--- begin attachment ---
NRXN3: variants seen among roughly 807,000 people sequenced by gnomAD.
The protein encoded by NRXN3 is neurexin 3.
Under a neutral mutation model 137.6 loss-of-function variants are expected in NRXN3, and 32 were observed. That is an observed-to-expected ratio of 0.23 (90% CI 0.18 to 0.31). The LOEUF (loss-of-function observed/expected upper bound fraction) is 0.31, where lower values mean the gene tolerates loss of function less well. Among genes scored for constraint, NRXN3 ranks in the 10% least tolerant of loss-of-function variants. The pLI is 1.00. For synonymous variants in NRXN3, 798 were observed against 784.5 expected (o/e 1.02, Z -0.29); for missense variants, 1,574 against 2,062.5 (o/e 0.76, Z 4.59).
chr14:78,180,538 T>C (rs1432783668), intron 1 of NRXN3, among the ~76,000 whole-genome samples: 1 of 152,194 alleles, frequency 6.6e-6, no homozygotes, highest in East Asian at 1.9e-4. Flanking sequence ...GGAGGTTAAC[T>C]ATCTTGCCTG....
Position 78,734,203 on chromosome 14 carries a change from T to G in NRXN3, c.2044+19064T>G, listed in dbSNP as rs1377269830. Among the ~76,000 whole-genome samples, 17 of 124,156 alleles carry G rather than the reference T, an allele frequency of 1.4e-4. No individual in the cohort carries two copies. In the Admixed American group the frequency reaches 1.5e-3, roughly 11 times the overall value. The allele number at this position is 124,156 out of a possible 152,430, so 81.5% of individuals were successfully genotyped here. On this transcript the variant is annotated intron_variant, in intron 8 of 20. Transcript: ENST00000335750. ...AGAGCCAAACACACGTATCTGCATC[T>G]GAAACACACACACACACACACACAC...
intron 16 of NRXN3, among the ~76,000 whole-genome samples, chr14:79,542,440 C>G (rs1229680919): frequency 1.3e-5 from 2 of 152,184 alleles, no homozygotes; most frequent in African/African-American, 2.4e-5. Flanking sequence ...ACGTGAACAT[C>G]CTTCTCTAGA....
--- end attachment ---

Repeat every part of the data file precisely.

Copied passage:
NRXN3: variants seen among roughly 807,000 people sequenced by gnomAD.
The protein encoded by NRXN3 is neurexin 3.
Under a neutral mutation model 137.6 loss-of-function variants are expected in NRXN3, and 32 were observed. That is an observed-to-expected ratio of 0.23 (90% CI 0.18 to 0.31). The LOEUF (loss-of-function observed/expected upper bound fraction) is 0.31, where lower values mean the gene tolerates loss of function less well. Among genes scored for constraint, NRXN3 ranks in the 10% least tolerant of loss-of-function variants. The pLI is 1.00. For synonymous variants in NRXN3, 798 were observed against 784.5 expected (o/e 1.02, Z -0.29); for missense variants, 1,574 against 2,062.5 (o/e 0.76, Z 4.59).
chr14:78,180,538 T>C (rs1432783668), intron 1 of NRXN3, among the ~76,000 whole-genome samples: 1 of 152,194 alleles, frequency 6.6e-6, no homozygotes, highest in East Asian at 1.9e-4. Flanking sequence ...GGAGGTTAAC[T>C]ATCTTGCCTG....
Position 78,734,203 on chromosome 14 carries a change from T to G in NRXN3, c.2044+19064T>G, listed in dbSNP as rs1377269830. Among the ~76,000 whole-genome samples, 17 of 124,156 alleles carry G rather than the reference T, an allele frequency of 1.4e-4. No individual in the cohort carries two copies. In the Admixed American group the frequency reaches 1.5e-3, roughly 11 times the overall value. The allele number at this position is 124,156 out of a possible 152,430, so 81.5% of individuals were successfully genotyped here. On this transcript the variant is annotated intron_variant, in intron 8 of 20. Transcript: ENST00000335750. ...AGAGCCAAACACACGTATCTGCATC[T>G]GAAACACACACACACACACACACAC...
intron 16 of NRXN3, among the ~76,000 whole-genome samples, chr14:79,542,440 C>G (rs1229680919): frequency 1.3e-5 from 2 of 152,184 alleles, no homozygotes; most frequent in African/African-American, 2.4e-5. Flanking sequence ...ACGTGAACAT[C>G]CTTCTCTAGA....